Team led by David Gordon at Queen’s University shows there is a more suburban element to the ‘urban’ picture of Canada’s population than previously thought
Atlas lead Markus Moos and affiliate Pablo Mendez will be presenting at the first Global Suburbanisms conference at York University, Sept 26-29 2013
A new book edited by Roger Keil of the Global Suburbanisms project, entitled “SUBURBAN CONSTELLATIONS: Governance, Land and Infrastructure in the 21st Century” features a chapter by Markus Moos and Pablo Mendez
Sanathan Kassiedass presents “Changes in Socio-Economic Status of North Etobicoke, an Inner Suburb of Toronto”, the second in a series of working papers from the PLAN 675 Canadian Suburbanisms reading course
Atlas lead Markus Moos comments on the arguments against suburban sprawl in light of regional planning decisions
Tristan Wilkin presents “Housing Affordability and the Canadian Suburb”, the first in a series of working papers from the PLAN 675 Canadian Suburbanisms reading course
Pablo Mendez (UBC) offers an analytical writeup to accompany the most recent contribution to the Atlas data: a series of 69 maps covering 23 cities visualizing 3 sets of socioeconomic data themes. The result: a compelling set of data-rich maps showing interesting and surprising patterns of suburbanism across Canada.
Conneticut public radio calls on Markus Moos and the Atlas of Suburbanisms as part of a radio segment on the changing nature of the suburbs
A research team from the City-Region Studies Centre at the University of Alberta recently made use of Atlas of Suburbanisms maps as part of a design charette for the Strip Appeal urban design competition
A team led by Professor David Gordon at Queen’s University estimates that up to two-thirds of Canadians may be living in suburban areas. They use Statistics Canada data to designate neighbourhoods as suburban or urban based on density and commuting patterns. Findings are presented in visually intriguing ways using a combination of census maps and Google Earth.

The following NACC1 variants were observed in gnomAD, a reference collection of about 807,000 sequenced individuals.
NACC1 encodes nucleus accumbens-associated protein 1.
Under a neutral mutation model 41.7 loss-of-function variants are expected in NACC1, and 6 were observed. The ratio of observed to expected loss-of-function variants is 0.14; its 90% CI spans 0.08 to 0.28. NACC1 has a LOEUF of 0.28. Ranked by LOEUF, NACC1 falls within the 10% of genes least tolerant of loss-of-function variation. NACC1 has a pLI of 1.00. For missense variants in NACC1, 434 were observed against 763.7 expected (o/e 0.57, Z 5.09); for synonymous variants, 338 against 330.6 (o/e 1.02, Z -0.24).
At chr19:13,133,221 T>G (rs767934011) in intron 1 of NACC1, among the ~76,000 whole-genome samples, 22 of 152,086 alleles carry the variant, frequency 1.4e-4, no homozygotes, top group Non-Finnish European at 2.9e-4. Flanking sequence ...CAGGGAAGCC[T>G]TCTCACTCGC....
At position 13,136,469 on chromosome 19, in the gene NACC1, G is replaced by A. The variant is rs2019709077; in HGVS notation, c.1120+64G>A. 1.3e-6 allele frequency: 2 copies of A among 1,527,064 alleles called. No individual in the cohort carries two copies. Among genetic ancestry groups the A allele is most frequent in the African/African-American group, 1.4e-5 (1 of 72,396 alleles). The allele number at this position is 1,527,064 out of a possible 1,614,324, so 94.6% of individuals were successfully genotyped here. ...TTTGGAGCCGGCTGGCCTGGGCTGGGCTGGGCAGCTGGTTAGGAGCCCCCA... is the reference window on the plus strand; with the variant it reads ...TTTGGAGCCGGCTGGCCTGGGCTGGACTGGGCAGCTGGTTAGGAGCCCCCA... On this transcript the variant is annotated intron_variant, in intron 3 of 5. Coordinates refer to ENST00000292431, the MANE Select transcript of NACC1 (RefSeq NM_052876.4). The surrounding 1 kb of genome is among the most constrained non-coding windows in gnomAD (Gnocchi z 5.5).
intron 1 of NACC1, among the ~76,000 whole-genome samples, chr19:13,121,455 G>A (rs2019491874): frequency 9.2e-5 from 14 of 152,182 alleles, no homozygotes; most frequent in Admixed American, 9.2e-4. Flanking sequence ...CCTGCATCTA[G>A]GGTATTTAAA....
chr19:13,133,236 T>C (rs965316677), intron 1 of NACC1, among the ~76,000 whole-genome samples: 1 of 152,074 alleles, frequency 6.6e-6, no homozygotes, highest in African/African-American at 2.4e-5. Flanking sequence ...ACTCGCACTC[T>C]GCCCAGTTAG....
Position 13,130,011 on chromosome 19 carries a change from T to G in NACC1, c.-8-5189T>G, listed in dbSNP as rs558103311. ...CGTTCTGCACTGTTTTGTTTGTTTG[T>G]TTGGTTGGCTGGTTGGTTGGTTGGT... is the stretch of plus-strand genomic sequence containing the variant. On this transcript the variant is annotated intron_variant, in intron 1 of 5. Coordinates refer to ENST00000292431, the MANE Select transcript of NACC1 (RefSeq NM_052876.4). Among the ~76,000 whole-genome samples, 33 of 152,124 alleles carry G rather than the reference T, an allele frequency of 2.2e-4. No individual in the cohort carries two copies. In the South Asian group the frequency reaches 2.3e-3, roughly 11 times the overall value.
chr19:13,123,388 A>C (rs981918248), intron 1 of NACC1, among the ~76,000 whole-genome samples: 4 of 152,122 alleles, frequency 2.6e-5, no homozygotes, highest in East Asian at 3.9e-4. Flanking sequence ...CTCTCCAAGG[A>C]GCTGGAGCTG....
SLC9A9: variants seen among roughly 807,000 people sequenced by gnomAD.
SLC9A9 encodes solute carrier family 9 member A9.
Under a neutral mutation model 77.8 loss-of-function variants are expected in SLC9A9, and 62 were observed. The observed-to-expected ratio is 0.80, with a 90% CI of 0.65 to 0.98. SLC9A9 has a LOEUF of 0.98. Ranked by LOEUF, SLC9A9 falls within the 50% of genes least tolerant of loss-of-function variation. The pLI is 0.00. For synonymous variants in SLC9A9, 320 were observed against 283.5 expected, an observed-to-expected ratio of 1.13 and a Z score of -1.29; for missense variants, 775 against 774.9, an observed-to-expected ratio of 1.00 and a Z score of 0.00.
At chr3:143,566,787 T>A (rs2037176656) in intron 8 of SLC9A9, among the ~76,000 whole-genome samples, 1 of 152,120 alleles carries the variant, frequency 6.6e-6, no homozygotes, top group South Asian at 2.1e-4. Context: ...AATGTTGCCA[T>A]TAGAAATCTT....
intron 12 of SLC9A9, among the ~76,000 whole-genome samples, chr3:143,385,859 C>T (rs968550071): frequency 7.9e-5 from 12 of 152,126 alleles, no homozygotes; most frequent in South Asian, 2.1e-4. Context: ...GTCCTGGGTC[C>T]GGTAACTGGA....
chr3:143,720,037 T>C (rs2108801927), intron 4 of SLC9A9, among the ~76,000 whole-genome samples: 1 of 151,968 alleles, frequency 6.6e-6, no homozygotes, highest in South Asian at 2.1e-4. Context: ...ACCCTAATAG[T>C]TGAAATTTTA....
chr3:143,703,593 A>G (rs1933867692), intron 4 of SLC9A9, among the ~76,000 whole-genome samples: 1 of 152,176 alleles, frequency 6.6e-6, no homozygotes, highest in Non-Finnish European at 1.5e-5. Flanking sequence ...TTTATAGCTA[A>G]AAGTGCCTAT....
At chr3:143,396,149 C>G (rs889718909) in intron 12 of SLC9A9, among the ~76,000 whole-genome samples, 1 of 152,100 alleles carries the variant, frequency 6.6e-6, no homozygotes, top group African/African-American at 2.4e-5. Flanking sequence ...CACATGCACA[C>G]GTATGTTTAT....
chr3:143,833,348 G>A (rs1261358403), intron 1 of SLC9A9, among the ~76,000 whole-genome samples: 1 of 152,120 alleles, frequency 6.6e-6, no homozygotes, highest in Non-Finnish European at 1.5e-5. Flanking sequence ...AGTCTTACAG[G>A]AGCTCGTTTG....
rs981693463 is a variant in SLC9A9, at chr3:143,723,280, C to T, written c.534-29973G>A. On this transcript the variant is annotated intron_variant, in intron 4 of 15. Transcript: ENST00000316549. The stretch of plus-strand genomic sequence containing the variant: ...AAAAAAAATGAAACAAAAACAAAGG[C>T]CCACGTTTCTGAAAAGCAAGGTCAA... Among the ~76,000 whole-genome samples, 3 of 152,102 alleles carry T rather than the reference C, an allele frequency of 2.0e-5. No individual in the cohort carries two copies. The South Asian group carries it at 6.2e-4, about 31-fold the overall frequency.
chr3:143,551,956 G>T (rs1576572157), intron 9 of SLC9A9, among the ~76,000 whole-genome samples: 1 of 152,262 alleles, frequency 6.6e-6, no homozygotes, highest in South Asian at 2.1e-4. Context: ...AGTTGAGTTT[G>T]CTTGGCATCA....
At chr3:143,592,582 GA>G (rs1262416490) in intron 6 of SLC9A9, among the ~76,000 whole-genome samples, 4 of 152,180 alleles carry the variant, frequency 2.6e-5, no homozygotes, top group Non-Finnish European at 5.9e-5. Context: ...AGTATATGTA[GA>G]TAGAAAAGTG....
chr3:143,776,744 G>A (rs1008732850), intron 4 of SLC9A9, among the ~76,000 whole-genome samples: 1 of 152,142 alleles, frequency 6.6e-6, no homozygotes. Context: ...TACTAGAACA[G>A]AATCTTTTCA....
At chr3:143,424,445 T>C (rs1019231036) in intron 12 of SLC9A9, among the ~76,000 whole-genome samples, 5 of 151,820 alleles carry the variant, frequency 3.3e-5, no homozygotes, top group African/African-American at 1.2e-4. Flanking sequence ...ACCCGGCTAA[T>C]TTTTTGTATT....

Prof. John Lewis, School of Planning, led a guest lecture offering his take on the unique task of writing and publishing for private sector and political audiences, drawing on his own experiences as a consultant
Glenn Miller hosts a guest lecture for the PLAN 675 Canadian Suburbanisms working papers reading course, drawing on 25 years of editorial insight offered up for discussion.
Roger Keil investigates the conceptualization of greenbelts as boundaries between the urban and suburban in an essay at the Global Suburbanisms project website
The Atlas of Suburbanisms officially launched to a full house at a lunch time session as part of the 2012 CAG Annual Meeting. Read more to see photos of the session and tweets about the launch.
Welcome to the Atlas of Suburbanisms! For an introductory video explaining the project, see the YouTube presentation by Markus Moos, then head on over to the main introductory page to see what the Atlas of Suburbanisms is all about.
Robert Shipley, associate professor in the School of Planning, brought the editor’s perspective to continued discussions of how academic publishing actually works in the 2nd guest lecture in PLAN 675
Pablo Mendez, post-doctoral associate visiting from UBC, offers his insight on the finer points of academic publishing in the first of several guest lectures lined up for the PLAN 675 working papers class
Elvin Wyly explains preliminary findings from our analysis of suburbanisms using Statistics Canada spatial and micro-data files
Robert Walter-Joseph, University of Waterloo, maps the transit serviced areas in Toronto and Vancouver
Elvin Wyly, UBC, offers a geospatial analysis of the gender of work in Vancouver